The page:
Tristan Johnson, Archivist
Without a host, many people were concerned that the 2019 “Oscars Award Ceremony” would be filled with dull moments and move painfully slow. When the show premiered Feb. 24, the event went off without a hitch. With surprise guest appearances, important political statements, dreams coming true and a grown man flying down into the audience on an umbrella, the 2019 “Oscars” were a televised moment to be remembered.
This session of awards happened to be one of the most diverse in history. Rami Malek became the first Arab American to win an award for best actor for his portray as Freddie Mercury in “Bohemian Rhapsody,” and Peter Ramsey is the first black director to win for the best animated feature film. It has also taken many years, but Spike Lee finally took home an award for Best Adapted Screenplay in “BlacKkKlansman.” Kyle Buchanan, a pop culture reporter for The New York Times, pointed out that “Only 3 black women have won Oscars for anything other than acting. 2 of them just happened tonight.”
Speaking of diversity, “Black Panther” truly surprised viewers. Not only was “Black Panther” the first superhero movie to be nominated for Best Picture, but it also went on to win three Oscars in total. These awards included Ruth Carter, who won for Best Costume Design, and Hannah Beachler, who won for Best Production Design. Both of these women were the first African-American women to win in their respective titles, with Beachler also being the first to be nominated in her category.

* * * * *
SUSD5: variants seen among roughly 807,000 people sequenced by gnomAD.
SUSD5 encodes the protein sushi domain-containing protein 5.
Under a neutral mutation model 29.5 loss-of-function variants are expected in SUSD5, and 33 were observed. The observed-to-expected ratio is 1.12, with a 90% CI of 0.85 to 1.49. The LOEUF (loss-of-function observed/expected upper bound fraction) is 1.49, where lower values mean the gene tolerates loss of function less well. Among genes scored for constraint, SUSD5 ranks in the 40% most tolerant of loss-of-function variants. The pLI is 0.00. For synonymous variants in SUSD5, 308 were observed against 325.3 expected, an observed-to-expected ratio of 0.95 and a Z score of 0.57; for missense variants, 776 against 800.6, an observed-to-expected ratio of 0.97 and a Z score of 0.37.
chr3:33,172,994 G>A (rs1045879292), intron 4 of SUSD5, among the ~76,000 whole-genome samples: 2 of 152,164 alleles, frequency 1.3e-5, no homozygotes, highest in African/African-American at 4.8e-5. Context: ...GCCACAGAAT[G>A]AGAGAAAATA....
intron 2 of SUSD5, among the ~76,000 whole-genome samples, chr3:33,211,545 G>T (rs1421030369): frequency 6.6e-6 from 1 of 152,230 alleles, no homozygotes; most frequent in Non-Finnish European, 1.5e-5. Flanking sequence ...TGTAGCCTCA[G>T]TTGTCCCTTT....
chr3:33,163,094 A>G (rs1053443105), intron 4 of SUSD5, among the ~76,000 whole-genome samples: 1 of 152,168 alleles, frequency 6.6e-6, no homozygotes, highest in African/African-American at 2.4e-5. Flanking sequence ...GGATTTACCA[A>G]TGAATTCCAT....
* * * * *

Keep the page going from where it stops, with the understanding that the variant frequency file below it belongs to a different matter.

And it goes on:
With one more twist of fate, many critics were expecting the award for best actress to be a war between Glenn Close’s portrayal of Joan Castleman in “The Wife” and Lady Gaga’s portrayal of Ally Maine in “A Star is Born.” When neither of these names were read out loud, the world was surprised. Even the woman who won the award, Olivia Colman (for her portrayal of Queen Anne in “The Favourite”), was shocked during her speech that she won in such a competitive category.
The biggest spectacle of the night is always the announcement of best picture. Not only due to the prestige of the award, but also due to the flub that occurred during the 2017 “Oscars” in which the presenters announced the incorrect winner for best picture. Many people were divided as to which film deserved the award, but many were surprised when it was announced that “Green Book” would be taking it home.
For some, it is a film that showcases how people of different races can overcome their boundaries. On the other hand, there are people who believe that the film does nothing to relieve racial tensions. Todd VanDerWerff, a Critic at Large for Vox, stated that “it is, after all, a movie in the rough genre of Driving Miss Daisy and other tales of respectability politics, where good-hearted, saintly black folks teach coarser, prejudiced white people that it’s okay to embrace people of other races.”
The main event that people are still talking about, however, is the exemplary performance between Lady Gaga and Bradley Cooper. They sang a duet version of the song “Shallow” from their film, “A Star is Born.” The staging, the camerawork, and the vocal talents of both artists truly show during the song. Lady Gaga further went on to win Best Oscar for the song, making Shallow one of the most awarded songs in music history.
Without a doubt, the 2019 “Oscar Ceremony” defied all odds and truly became a memorable moment in television history. Let’s hope that the “Academy” continues to award diversity in the arts and allow everyone at home to believe that they too can be up on the Dolby Theater stage someday.